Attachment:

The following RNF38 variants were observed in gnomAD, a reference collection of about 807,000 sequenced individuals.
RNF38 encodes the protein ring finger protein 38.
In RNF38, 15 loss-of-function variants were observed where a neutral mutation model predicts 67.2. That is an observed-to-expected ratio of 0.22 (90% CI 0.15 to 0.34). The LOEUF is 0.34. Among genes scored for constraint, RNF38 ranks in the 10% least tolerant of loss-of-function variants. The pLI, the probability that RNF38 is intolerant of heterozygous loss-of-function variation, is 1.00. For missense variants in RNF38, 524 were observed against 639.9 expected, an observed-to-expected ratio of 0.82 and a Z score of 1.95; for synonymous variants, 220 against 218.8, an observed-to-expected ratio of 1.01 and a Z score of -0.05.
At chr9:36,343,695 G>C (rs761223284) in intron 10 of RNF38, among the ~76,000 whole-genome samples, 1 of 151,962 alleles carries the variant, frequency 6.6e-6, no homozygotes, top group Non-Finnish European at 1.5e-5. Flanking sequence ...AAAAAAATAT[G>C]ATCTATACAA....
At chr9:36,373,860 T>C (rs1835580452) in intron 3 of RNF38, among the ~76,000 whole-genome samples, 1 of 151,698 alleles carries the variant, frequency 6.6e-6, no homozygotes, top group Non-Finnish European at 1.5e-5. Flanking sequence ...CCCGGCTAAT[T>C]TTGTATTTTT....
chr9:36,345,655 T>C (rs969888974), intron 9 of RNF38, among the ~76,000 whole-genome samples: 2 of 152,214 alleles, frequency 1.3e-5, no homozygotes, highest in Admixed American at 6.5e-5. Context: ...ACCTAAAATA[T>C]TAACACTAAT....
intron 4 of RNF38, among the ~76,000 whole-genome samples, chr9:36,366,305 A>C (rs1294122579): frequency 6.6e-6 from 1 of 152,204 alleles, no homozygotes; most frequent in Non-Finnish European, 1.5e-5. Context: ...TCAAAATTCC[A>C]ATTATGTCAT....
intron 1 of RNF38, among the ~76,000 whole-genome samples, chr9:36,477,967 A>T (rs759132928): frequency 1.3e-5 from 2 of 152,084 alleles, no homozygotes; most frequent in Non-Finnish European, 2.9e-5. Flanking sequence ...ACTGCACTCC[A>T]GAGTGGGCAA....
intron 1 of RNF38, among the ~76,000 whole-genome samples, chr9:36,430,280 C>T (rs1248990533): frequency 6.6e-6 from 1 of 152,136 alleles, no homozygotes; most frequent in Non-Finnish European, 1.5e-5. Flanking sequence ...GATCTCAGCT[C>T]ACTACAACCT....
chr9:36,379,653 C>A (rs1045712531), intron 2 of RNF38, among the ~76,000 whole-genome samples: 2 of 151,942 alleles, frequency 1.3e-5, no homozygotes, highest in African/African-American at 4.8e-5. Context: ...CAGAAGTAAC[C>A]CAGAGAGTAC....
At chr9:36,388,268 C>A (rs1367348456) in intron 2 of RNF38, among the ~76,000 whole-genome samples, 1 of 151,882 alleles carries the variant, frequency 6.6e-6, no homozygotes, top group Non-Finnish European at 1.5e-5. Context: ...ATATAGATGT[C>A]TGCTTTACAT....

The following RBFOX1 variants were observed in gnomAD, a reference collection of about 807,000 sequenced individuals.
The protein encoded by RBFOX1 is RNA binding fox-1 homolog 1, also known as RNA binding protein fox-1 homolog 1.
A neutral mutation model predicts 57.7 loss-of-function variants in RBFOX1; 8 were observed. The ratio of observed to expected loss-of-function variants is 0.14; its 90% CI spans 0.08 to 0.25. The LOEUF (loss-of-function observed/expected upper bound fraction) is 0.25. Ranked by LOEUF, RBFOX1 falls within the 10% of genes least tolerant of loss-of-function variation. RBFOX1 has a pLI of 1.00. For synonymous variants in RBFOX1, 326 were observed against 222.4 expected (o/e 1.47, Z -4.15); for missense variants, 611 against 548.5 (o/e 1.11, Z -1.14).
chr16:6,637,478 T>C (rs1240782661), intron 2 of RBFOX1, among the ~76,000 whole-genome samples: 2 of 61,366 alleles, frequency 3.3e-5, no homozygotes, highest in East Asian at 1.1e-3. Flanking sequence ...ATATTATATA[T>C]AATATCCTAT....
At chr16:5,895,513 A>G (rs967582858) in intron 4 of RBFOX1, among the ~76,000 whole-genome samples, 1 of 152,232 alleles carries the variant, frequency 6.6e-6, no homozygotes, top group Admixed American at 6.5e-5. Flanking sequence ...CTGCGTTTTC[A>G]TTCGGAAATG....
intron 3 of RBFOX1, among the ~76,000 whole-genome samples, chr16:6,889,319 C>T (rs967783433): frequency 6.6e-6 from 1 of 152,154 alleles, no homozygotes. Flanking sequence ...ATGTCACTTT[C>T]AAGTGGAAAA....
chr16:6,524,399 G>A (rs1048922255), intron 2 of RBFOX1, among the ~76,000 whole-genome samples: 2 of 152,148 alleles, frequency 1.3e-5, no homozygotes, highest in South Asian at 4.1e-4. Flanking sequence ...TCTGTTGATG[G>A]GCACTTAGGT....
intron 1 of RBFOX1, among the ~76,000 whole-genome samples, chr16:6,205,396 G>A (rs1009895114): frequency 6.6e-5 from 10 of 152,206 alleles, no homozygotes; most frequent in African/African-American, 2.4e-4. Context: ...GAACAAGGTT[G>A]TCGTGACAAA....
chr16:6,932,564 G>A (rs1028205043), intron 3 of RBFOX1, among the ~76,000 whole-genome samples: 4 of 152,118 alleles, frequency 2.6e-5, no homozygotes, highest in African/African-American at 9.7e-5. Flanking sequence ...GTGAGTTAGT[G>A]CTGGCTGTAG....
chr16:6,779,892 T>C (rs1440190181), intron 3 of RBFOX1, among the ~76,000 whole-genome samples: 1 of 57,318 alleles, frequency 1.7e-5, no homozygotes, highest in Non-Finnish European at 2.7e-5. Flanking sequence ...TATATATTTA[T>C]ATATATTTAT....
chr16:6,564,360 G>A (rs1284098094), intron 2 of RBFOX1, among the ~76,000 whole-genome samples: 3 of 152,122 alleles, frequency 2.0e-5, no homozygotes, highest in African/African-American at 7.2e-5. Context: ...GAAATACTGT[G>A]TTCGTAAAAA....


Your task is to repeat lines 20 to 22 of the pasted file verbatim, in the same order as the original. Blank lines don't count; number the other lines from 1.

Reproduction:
chr16:6,932,564 G>A (rs1028205043), intron 3 of RBFOX1, among the ~76,000 whole-genome samples: 4 of 152,118 alleles, frequency 2.6e-5, no homozygotes, highest in African/African-American at 9.7e-5. Flanking sequence ...GTGAGTTAGT[G>A]CTGGCTGTAG....
chr16:6,779,892 T>C (rs1440190181), intron 3 of RBFOX1, among the ~76,000 whole-genome samples: 1 of 57,318 alleles, frequency 1.7e-5, no homozygotes, highest in Non-Finnish European at 2.7e-5. Flanking sequence ...TATATATTTA[T>C]ATATATTTAT....
chr16:6,564,360 G>A (rs1284098094), intron 2 of RBFOX1, among the ~76,000 whole-genome samples: 3 of 152,122 alleles, frequency 2.0e-5, no homozygotes, highest in African/African-American at 7.2e-5. Context: ...GAAATACTGT[G>A]TTCGTAAAAA....